ARCHAEOLOGY OF THE TILLETT SITE
ANALYSIS OF FISH BONES
FROM THE WANCHESE SITE, 31DR35
(*Icthyology Section, Los Angeles County Museum of Natural History)
The fish remains come from thirteen species, listed taxonomically with a brief comment on presence in site followed by statement of occurrence on North Carolina area.
Odontaspis taurus, sand tiger, two or three large individuals, available in shallow water and common June to September.
Myliobatidae, sting rays, common, two or three species available in warm months.
Lepisosteus osseus, longnose gar, fairly common in site, fresh and brackish water.
Arius felis, hardhead catfish, rare in site, common in warm months.
Ictalurus catus, white catfish, common in site and common in river mouths.
Archosargus probatocephalus, sheepshead, common in site, common in warm months.
Sciaenops ocellatus, red drum, common in site rare in bays, adults on high energy beaches, juveniles in brackish or freshwater.
Fogonias cromis, black drum, common in site, present April to December, most abundant April and November, often damages oyster beds.
Micropogonias undulatus, Atlantic croaker, common in site, common in brackish areas around river mouths.
Paralichthys, flounder, rare in site, common in estuaries and brackish water. One species enters fresh water.
Caranx hippos, jack crevalle, few large in site, most abundant in bay mouths.
Chilomycterus schoepfi, striped burrfish, few in site, most common in moderate to high salinity. (Page 117)
Cynoscion, seatrout, rare in site, common in bays, grass flats, moderate to high salinity.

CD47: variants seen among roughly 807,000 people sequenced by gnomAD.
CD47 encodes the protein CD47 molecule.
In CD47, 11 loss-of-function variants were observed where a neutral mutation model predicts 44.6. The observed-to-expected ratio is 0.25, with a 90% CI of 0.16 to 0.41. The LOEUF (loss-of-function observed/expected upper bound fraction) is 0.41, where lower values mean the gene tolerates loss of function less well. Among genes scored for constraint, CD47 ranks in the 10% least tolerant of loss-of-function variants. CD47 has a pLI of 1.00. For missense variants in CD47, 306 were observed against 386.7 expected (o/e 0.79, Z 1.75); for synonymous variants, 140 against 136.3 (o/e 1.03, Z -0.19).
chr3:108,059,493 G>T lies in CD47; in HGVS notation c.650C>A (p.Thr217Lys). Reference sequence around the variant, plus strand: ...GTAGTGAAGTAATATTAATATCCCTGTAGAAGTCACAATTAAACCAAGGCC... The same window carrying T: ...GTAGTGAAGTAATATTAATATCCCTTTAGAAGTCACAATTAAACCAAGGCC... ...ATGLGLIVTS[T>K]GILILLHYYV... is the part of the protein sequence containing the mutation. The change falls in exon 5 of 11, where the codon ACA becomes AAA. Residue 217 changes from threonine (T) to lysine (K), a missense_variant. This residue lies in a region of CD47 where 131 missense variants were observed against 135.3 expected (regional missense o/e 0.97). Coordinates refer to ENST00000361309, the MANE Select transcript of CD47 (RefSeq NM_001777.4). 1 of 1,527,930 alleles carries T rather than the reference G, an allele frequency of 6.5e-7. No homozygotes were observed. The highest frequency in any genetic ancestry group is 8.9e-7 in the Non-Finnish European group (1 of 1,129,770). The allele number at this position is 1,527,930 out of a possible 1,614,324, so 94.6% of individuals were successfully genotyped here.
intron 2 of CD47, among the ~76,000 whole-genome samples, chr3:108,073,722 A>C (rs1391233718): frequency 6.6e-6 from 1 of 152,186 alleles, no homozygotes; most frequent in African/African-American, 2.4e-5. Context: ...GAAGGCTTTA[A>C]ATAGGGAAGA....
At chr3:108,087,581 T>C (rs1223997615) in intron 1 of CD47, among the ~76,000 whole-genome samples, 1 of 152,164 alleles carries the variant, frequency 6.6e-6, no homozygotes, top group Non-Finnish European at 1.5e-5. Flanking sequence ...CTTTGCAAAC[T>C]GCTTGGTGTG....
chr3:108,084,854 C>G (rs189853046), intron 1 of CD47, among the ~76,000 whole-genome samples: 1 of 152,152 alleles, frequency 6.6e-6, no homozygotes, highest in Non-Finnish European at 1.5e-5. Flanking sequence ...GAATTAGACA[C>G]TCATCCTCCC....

Pomoxis or Centrarchus, speckled perch, rare in site, common in tidal freshwater.
Three species, Lepisosteus, Ictalurus, and Pomoxis (or Centrarchus) are f reshwater species that invade brackish water to some extent. Five estuarine species, Arius, Archosargus, Sciaenops, Micropogonias and Paralichthys all are known to invade freshwater and (except for Arius are common in the site.
One estuarine species Pogonias cromis is dietarily specialized to feed on infaunal molluscs and is known to do damage to oyster bars. Prehistorically it was probably abundant in shallow brackish areas where oysters were abundant. Myliobatis is common at the site and probably also was common in areas rich in benthic molluscs. The remaining more marine species Caranx, Chilomycterus, Cynoscion, and Odontaspis are rare in the site.
Taken together the species indicate warm season fishing high in the estuary around river mouths and other low salinity areas, with little or no effort in higher salinity areas. The large size of Pogonias and Sciaenops indicates harpoons, hook and line, or large nets were used to catch fish.
No sharp difference occurs between the two components, Mount Pleasant and Colington. The distribution of fish bones in the excavated units is given in Table E1, below.
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